American Sniper

Posted: January 29, 2015 in Movie Reviews

Bradley Cooper, Kyle Gallner_American Sniper

For over 200 years, America has been privileged to have the greatest armed military in the world. We have prided ourselves on our elite combat forces—–our Army, Navy, Air Force, Marines, SEALs, and all other branches. With the draft no longer in use, our army has been comprised of men and women who dutifully volunteer for the safety and preservation of this great nation. But while it’s simple to morph all troops into a single entity, it’s really the soul of the individual soldier that makes America’s army the greatest and that makes America the greatest nation on earth.

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Summary: (No spoilers)
From director Clint Eastwood comes the true story of Navy SEAL Chris Kyle (Bradley Cooper—–Silver Linings Playbook, American Hustle), the greatest sniper in U.S. history. From a young age, Kyle was instilled with life lessons about protecting the world from evil. As the events of 9-11 terrorized our nation, these life lessons inspired him to serve his country in Iraq. But as he serves four tours abroad, Kyle finds himself coping with duty to his country and to his family; all the while dealing with PTSD as it slowly wears away at his basic humanity and his relationship with his wife and children.

Also starring: Sienna Miller, Kyle Gallner, Sam Jaeger, Luke Grimes, Eric Laden, and Jake McDorman.

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255 hits. 160 confirmed kills. 10 years of active duty. The legend of Christopher Scott Kyle is one cemented in the annals of American history. What I like about American Sniper is that in no way is it an overdone, sensational war-and-glory film. It’s a deeply intimate film in which your heart palpitates with extreme unease as the trigger that will claim a human life is squeezed. Oh yes, there’s plenty of war violence, but nothing like Black Hawk Down.

There aren’t too many films dealing with snipers, at least none that ever cross over the threshold of realism. Barry Pepper’s character from Saving Private Ryan is probably the most expounded sniper in cinema. Indeed, most war films deal with the massive scale of the armies, or the array of high-tech weaponry and the barrage of exploding missiles, or the vast invasions of battleground. But American Sniper deals with the soul of the individual and what it means to kill in the name of patriotism.

Bradley Cooper outstandingly portrays a man whose zeal for his country is undying, even if it means being away from his family for months at a time and having the effects of war chisel away at his soul. But Kyle never allowed these things to cloud his sense of duty to his country or his comrades, and his skills saved dozens of fellow soldiers’ lives. His duties occasionally included gunning down women and children to protect his men. Even though this fact has led to animosity and hatred against him, that was something he was willing to endure to protect his country.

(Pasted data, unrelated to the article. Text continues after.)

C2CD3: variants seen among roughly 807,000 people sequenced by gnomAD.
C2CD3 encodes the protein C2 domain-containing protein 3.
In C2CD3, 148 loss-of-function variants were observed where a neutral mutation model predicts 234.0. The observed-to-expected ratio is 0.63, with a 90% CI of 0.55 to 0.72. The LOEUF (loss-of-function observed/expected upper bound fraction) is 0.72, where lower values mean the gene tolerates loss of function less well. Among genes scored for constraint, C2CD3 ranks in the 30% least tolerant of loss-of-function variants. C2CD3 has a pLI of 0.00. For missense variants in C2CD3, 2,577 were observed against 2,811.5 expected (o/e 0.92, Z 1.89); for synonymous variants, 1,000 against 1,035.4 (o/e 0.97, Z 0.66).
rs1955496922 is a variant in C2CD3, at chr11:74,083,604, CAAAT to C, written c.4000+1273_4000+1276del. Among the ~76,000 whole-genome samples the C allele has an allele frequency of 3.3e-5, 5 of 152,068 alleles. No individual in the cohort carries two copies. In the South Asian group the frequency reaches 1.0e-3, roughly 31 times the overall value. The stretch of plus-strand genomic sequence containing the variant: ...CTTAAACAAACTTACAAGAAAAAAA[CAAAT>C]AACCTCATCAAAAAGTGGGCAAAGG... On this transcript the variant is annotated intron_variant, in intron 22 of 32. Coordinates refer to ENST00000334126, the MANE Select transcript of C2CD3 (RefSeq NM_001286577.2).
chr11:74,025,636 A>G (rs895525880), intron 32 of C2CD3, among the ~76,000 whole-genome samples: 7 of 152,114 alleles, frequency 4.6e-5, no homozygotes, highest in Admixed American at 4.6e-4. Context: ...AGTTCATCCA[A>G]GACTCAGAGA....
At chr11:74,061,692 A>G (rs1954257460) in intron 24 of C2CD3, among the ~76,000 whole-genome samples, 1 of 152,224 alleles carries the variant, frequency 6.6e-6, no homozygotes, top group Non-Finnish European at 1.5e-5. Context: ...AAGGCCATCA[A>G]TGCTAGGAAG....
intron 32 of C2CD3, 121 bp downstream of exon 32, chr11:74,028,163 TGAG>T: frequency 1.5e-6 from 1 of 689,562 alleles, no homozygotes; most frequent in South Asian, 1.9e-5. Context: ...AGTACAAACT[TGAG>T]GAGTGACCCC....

Bradley Cooper_American Sniper

American Sniper asks the ultimate question: is it worth murdering people in the name of patriotism and duty? Is it morally right shooting an Iraqi child in the street? The film answers these excruciating questions like this: What if not killing these people meant the murder of countless more innocent at home? What if that child was carrying a bomb that would slaughter half your men? But even more excruciating than these questions is this: what if that woman or child you’re about to kill is innocent? What if your call is wrong? Do you dismiss it from your mind and call it an unfortunate casualty of war? I mean, innocent people do tragically die in war, but what if their death came at your hands? How do you live with yourself? Could you live with yourself?

American Sniper is no easy pill to swallow. Its constant moral quandaries and nerve-racking drama is almost brutal. But just like Saving Private Ryan, The Hurt Locker, Letters From Iwo Jima, and Platoon, it’s all real. It’s difficult to see, but it’s real. It’s depressing seeing men and women placed in these kinds of situations, where their everyday decisions are a matter of life and death. It’s depressing to think that these situations even exist at all. But like all these previously-mentioned films and the plethora of others, this film dutifully captures the soldier. Not just the man, but the heart and mind inside him.

In a nutshell:

I denounce Michael Moore or anyone else who condemns a film like this. Because to do so is not condemning Clint Eastwood’s directorial decisions, or the camera angles, or the cinematography; it’s condemning the very fiber of our American existence and everything that two and a half centuries of dedication and sacrifice has attained. Therefore I not only applaud American Sniper as one of the year’s best cinematic experiences, but I applaud our true American heroes. Even if your political affiliation considers the Iraqi War to be nothing more than a lie, even if you think this film to be nothing more than mere over-zealousness and patriotic propaganda, honor heroes like Chris Kyle who put country before self.

9 stars

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